ATHENS — Rayshaun Hammonds says he just wants to win, and now that the 6-foot-8, 240-pounder has figured out what it will take from him, Georgia basketball could prove dangerous.
Hammonds matched his season high in scoring with 26 points, also leading the young Bulldogs with 9 rebounds in their 82-78 win over an experienced and battled-tested Georgia Tech on Wednesday night.
It was Georgia’s fifth-straight win in the rivalry, the first time that has happened in 79 years.
“Rayshaun has had a breakthrough,” second-year Georgia coach Tom Crean said Wednesday night. “You never known when breakthroughs are going to come, (and) you never know how breakthroughs are going to come, and you can’t plan them.
“They have to be natural and he’s doing a good job. Ray is letting things come to him.”
Anthony Edwards, one of 10 new players on the team and a 6-5 combo guard projected to be a lottery pick in the 2020 NBA Draft, explained why the ball went inside to Hammonds throughout the first half.
“They were pressing me and Tyree (Crump) hard when we were getting the ball,” Edwards said. “So if they are pressing us, we’ve got the best four man in the country, he’s going to eat.”
Indeed, Hammonds scored 19 of his points in the first half, helping Georgia take a 35-27 lead to intermission.
“I thought [Rayshaun] Hammonds was a stud tonight,” Georgia Tech coach Josh Pastner said. “Obviously, we recruited him hard, too. He’s a really good basketball player and he really had a great game and is a big difference maker for them, especially in that first half.
“That was the difference tonight, what Hammonds did in the first half, that set the tone.”
Crean has been challenging Hammonds to be a difference-maker and set the tone in practice, too, harping on him publicly and privately to become more consistent.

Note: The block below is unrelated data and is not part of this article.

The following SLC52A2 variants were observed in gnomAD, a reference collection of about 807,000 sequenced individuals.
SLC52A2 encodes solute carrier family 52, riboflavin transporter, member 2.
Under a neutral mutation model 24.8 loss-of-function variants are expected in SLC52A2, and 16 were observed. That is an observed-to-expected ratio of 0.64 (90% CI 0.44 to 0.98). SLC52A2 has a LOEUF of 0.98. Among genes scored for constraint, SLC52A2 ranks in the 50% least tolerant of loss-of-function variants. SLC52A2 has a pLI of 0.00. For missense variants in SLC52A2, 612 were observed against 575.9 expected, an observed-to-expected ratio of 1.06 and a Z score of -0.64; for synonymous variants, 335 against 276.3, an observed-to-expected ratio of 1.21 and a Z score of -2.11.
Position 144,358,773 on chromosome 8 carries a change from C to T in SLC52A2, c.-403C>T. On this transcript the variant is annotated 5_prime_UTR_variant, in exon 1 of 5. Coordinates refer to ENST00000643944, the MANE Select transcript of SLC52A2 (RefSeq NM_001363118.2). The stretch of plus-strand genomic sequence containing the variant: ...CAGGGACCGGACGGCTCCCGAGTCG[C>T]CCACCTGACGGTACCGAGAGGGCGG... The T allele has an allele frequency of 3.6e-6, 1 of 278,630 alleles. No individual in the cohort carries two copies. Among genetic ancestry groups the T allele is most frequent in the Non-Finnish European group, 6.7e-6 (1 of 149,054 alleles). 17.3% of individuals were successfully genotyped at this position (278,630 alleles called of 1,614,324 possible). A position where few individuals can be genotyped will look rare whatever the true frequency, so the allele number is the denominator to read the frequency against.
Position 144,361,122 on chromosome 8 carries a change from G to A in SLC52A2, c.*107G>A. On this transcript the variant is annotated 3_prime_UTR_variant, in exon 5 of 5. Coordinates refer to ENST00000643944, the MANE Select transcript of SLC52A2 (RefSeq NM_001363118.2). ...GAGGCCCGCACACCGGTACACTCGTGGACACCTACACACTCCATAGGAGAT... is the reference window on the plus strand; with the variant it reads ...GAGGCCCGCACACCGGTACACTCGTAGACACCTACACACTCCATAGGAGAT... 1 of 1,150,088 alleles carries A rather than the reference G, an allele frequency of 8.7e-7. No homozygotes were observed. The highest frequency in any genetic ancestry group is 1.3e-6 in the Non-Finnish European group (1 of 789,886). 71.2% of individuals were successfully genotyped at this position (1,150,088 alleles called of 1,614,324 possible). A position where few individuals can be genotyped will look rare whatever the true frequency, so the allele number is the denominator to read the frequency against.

Edwards can score all the points and make all the highlights, but if Hammonds doesn’t provide a physical presence in the paint, Georgia will likely miss the NCAA Tournament for what would be the seventh time in the past eight years.
The Bulldogs’ hopes took a major hit last summer when All-SEC sophomore Nicolas Claxton left for the NBA, adding to attrition that included six seniors and three underclassmen transfers.
Georgia lost more than 56 percent of its scoring off last year’s team and 63 percent of its rebounding.
But Edwards has come in with a signing class that ranked fifth in the nation, and the 10 new players have brought enough firepower and positive energy to help get Hammonds going.
“The incoming freshmen took a lot of stress off me, because they can play,” said Hammonds, who was ranked the 51st-best player in the 2017 class coming out of Norcross.
“We have dogs, nobody is scared to get on the floor. The main focus is to play physical, you don’t want to get punked by other teams.”
Hammonds has proven he can supply the muscle as well as provide an outside touch, connecting on 2 of 4 attempts beyond the 3-point arc against Georgia Tech.
“Rayshaun did a great job leading us,” Edwards said, “and we followed.”
Georgia basketball’s Anthony Edwards and Rayshaun Hammonds
Georgia basketball coach Tom Crean
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